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What I Learned When I Was Promoted to ‘Aunty’ Status

aunty
4 min read

by Queenie Shaikh 

Growing up, I was a brat. The instruction was listed on the mechanical ‘how to behave’ memo, which accompanies the youngest member of every family. My fearless nature knew no bounds and my mind was a hot-headed mess as a child and later when adolescence struck. I also resented the idea of having a younger sibling.

Naturally, as a juvenile child, the thought of a baby sibling taking over my occupied position of being the youngest born was not a pleasant thought. However, twenty-something years later when my older sister and her husband were expecting their first child, the foremost member of the next generation of our family and consequently the first baby after me, I was flooded with an unexpected splurge of indescribable endorphins. The news was broken to me over the phone and the incommunicable happiness made me secretly cry on the toilet seat for nearly an hour.

Lists of clothes and baby names were scribbled over notebooks and take-out menus, and every single one of my friends knew I was going to be an aunt. A few months prior to my sister giving birth, I flew to my current hometown of London and bought half the city for the much-anticipated baby. My parents were clearly bemused (and pleased) at how many “I love my aunty” rompers I was able to fit into an already bulging suitcase.

That was three years ago. Ever since that luminous April evening when little Romail was handed over to me wrapped in a bundle of blue blankets, I’ve babbled endlessly that he is my most cherished bond. As a child it was always a difficult cross between my mum and dad, seeing as I am incredibly close to both of them. Nevertheless, the relationship dynamics took drastic turns as soon as my nephew arrived and the realization dawned on me instantly – he was my favorite.

I am tremendously serious. A child has the herculean potential to shape the human mind in the utmost positive manner. Romi and I live on different continents and most of our interactions take place via merciful portals of the digital world. The most despondent of my moods melt away after scrolling through his goofy photos, half of which are blurry due to his restless curiosity. His random giggly calls during work take away the fear of screwing up a presentation. Voice notes and videos flood my phone telling me I’m missed, along with occasional parental complaints.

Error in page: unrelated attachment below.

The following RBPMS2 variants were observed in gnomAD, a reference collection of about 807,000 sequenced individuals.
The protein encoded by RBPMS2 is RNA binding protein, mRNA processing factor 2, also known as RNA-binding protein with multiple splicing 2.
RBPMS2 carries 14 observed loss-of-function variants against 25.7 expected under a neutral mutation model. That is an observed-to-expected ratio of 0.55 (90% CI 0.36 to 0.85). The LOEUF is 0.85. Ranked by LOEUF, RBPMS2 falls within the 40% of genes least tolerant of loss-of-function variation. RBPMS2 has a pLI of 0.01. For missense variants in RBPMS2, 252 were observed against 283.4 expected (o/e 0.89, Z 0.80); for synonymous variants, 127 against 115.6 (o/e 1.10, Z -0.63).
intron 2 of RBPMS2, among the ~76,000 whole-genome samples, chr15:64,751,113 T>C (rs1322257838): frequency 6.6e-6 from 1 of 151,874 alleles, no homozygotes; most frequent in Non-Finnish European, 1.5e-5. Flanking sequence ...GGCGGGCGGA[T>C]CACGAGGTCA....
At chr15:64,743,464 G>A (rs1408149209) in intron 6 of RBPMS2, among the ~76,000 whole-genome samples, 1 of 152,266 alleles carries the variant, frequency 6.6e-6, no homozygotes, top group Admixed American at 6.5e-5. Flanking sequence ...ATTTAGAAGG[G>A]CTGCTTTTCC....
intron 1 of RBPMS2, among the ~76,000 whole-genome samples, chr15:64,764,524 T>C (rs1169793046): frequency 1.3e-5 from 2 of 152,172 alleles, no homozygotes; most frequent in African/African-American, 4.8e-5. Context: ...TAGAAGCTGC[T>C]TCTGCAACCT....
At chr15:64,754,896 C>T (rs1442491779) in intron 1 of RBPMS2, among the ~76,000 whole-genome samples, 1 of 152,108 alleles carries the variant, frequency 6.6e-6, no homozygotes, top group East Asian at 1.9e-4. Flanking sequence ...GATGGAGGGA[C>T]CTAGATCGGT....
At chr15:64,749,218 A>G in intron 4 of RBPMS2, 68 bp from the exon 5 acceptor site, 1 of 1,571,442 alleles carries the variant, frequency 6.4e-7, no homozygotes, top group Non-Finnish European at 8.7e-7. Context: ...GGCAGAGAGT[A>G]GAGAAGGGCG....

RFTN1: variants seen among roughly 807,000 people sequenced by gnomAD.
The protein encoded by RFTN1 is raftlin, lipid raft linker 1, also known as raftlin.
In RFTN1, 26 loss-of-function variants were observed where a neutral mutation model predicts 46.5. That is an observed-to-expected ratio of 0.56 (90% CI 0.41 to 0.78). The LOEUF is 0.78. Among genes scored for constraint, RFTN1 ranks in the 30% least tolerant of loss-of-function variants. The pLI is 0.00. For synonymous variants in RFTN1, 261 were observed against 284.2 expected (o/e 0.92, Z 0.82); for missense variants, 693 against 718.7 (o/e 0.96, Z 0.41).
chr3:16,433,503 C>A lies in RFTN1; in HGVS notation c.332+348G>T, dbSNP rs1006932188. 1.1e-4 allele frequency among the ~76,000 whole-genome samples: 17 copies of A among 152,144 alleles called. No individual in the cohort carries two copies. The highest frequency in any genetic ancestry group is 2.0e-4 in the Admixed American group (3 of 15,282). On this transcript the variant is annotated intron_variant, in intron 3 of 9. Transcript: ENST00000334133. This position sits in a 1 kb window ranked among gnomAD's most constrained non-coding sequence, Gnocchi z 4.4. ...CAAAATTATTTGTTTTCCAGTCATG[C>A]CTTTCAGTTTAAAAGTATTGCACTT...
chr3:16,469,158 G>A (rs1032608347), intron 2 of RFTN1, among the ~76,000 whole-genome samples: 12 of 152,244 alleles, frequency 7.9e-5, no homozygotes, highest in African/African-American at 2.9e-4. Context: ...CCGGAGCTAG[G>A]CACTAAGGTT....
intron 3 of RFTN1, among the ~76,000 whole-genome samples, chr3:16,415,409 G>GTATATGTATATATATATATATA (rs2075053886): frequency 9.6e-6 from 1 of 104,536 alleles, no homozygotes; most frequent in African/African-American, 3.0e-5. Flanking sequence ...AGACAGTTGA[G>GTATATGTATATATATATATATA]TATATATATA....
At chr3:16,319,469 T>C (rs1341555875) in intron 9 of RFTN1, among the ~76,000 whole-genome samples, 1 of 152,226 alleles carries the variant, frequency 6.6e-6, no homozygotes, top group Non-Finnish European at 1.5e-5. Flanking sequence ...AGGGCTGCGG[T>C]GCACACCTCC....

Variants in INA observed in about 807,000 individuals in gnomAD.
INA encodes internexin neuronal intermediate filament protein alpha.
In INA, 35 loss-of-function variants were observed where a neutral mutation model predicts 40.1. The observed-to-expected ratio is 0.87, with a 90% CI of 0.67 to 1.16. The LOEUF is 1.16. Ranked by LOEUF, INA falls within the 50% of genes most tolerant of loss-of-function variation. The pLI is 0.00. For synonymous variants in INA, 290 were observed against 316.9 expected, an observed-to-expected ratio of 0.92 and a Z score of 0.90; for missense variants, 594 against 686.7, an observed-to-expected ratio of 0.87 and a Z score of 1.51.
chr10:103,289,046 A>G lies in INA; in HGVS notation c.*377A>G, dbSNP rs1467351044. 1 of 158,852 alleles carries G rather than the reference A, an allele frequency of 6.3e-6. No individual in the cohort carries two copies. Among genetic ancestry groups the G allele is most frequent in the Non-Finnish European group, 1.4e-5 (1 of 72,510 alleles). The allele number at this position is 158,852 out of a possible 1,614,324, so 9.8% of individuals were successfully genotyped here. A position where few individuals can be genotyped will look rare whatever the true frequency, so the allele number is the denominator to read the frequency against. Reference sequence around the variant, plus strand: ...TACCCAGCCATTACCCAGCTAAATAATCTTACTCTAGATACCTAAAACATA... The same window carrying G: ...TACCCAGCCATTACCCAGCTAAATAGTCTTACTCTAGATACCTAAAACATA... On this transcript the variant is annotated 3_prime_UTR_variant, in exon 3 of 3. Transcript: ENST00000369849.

[Read More: An Open Letter to My South Asian Immigrant Parents]

Being an aunt has taught me a vast degree of things. The possibility of falling in love with another human being so quickly was an alien concept – one which occurred at the sight of Romi. I watched my sister grow as a person and transform into a wonderful parent. Slightly disorganized in my mum’s opinion, but the cycle of a complaining mother is passed from one generation to the next and my nephew will almost certainly be the succeeding target when he’s older. 

I keep in mind that life is an amazing gift and each moment is meant to be lived. I learned to make silly faces to make him laugh. I spoke in baby language for hours, wondering if his inquisitive eyes will understand me better in a high-pitched voice. I could also do a Ph.D. in nursery rhymes by now.

Moreover, I became more self-aware. I’ve made a point to be honest about my feelings and emotions because children are born with that capacity and over time, it diminishes. They are blunt, open and tell you exactly what degree of stupid you are. The world is seen with a slightly special standpoint whenever Romi’s chubby face lights up at the sight of something new and fresh. Either excitement or mischief is up to his mood.

On a lighter side of things, I discovered that filling a bunch of random cars with vibrant colors was an extremely liberating sensation, and I should always hold onto my sense of creativity and imagination. My impractical side grins widely, as I attempt to buy every unrealistic item being sold in a toy store. The aptitude to cope with tantrums and irrational fusses have also noticeably strengthened, which constantly comes in handy in a professional setting. Furthermore, I have reasons to indulge in some sinfully guilty pleasures – play-doh, jelly-custard, and hide-and-seek to name a few.

My nephew has been, is and undoubtedly will be the limitless source of unconditional love and cuddles in my household. He makes me understand that humans are born with an infinite supply of affection which visibly decreases over time, and negative feelings of hate, jealousy, and envy set in owing to an assortment of living circumstances. Most importantly, Romi continuously teaches me to unapologetically be myself – something that people tend to forget in the rat-race of always trying to please one another.


Queenie Shaikh - Heashot

Exploring and writing her way through life, Queenie Shaikh is a biryani addict, latte-art admirer, women’s rights advocate, fitness enthusiast, Harry Potter fanatic and a perpetual nomad, amongst many other things.

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